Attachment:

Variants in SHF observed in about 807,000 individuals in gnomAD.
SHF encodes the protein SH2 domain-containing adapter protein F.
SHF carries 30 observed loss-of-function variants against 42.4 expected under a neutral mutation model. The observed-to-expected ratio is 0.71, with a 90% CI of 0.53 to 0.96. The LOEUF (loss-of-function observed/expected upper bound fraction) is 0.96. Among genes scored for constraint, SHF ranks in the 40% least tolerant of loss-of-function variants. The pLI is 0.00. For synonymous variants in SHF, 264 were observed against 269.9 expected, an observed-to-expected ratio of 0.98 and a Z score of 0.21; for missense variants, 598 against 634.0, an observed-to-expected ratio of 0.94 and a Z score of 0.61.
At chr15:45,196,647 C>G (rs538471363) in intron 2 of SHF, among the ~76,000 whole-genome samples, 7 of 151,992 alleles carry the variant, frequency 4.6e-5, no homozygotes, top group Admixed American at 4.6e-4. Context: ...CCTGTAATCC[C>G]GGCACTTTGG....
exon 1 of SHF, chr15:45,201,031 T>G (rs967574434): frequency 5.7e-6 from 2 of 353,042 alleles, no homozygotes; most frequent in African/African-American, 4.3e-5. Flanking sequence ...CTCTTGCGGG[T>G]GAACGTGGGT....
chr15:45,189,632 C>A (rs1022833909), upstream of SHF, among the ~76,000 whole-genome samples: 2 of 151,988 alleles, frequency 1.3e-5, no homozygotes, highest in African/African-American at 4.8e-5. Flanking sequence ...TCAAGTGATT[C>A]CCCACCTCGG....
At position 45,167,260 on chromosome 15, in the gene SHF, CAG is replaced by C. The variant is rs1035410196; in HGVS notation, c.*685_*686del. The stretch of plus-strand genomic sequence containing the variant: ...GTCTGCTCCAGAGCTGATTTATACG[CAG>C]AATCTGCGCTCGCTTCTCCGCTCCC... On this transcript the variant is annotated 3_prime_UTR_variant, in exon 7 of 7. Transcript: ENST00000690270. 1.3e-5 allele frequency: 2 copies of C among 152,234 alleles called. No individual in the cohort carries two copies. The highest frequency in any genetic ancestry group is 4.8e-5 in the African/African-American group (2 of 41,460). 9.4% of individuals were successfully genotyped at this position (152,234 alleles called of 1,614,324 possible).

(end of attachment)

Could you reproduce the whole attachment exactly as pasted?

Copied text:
Variants in SHF observed in about 807,000 individuals in gnomAD.
SHF encodes the protein SH2 domain-containing adapter protein F.
SHF carries 30 observed loss-of-function variants against 42.4 expected under a neutral mutation model. The observed-to-expected ratio is 0.71, with a 90% CI of 0.53 to 0.96. The LOEUF (loss-of-function observed/expected upper bound fraction) is 0.96. Among genes scored for constraint, SHF ranks in the 40% least tolerant of loss-of-function variants. The pLI is 0.00. For synonymous variants in SHF, 264 were observed against 269.9 expected, an observed-to-expected ratio of 0.98 and a Z score of 0.21; for missense variants, 598 against 634.0, an observed-to-expected ratio of 0.94 and a Z score of 0.61.
At chr15:45,196,647 C>G (rs538471363) in intron 2 of SHF, among the ~76,000 whole-genome samples, 7 of 151,992 alleles carry the variant, frequency 4.6e-5, no homozygotes, top group Admixed American at 4.6e-4. Context: ...CCTGTAATCC[C>G]GGCACTTTGG....
exon 1 of SHF, chr15:45,201,031 T>G (rs967574434): frequency 5.7e-6 from 2 of 353,042 alleles, no homozygotes; most frequent in African/African-American, 4.3e-5. Flanking sequence ...CTCTTGCGGG[T>G]GAACGTGGGT....
chr15:45,189,632 C>A (rs1022833909), upstream of SHF, among the ~76,000 whole-genome samples: 2 of 151,988 alleles, frequency 1.3e-5, no homozygotes, highest in African/African-American at 4.8e-5. Flanking sequence ...TCAAGTGATT[C>A]CCCACCTCGG....
At position 45,167,260 on chromosome 15, in the gene SHF, CAG is replaced by C. The variant is rs1035410196; in HGVS notation, c.*685_*686del. The stretch of plus-strand genomic sequence containing the variant: ...GTCTGCTCCAGAGCTGATTTATACG[CAG>C]AATCTGCGCTCGCTTCTCCGCTCCC... On this transcript the variant is annotated 3_prime_UTR_variant, in exon 7 of 7. Transcript: ENST00000690270. 1.3e-5 allele frequency: 2 copies of C among 152,234 alleles called. No individual in the cohort carries two copies. The highest frequency in any genetic ancestry group is 4.8e-5 in the African/African-American group (2 of 41,460). 9.4% of individuals were successfully genotyped at this position (152,234 alleles called of 1,614,324 possible).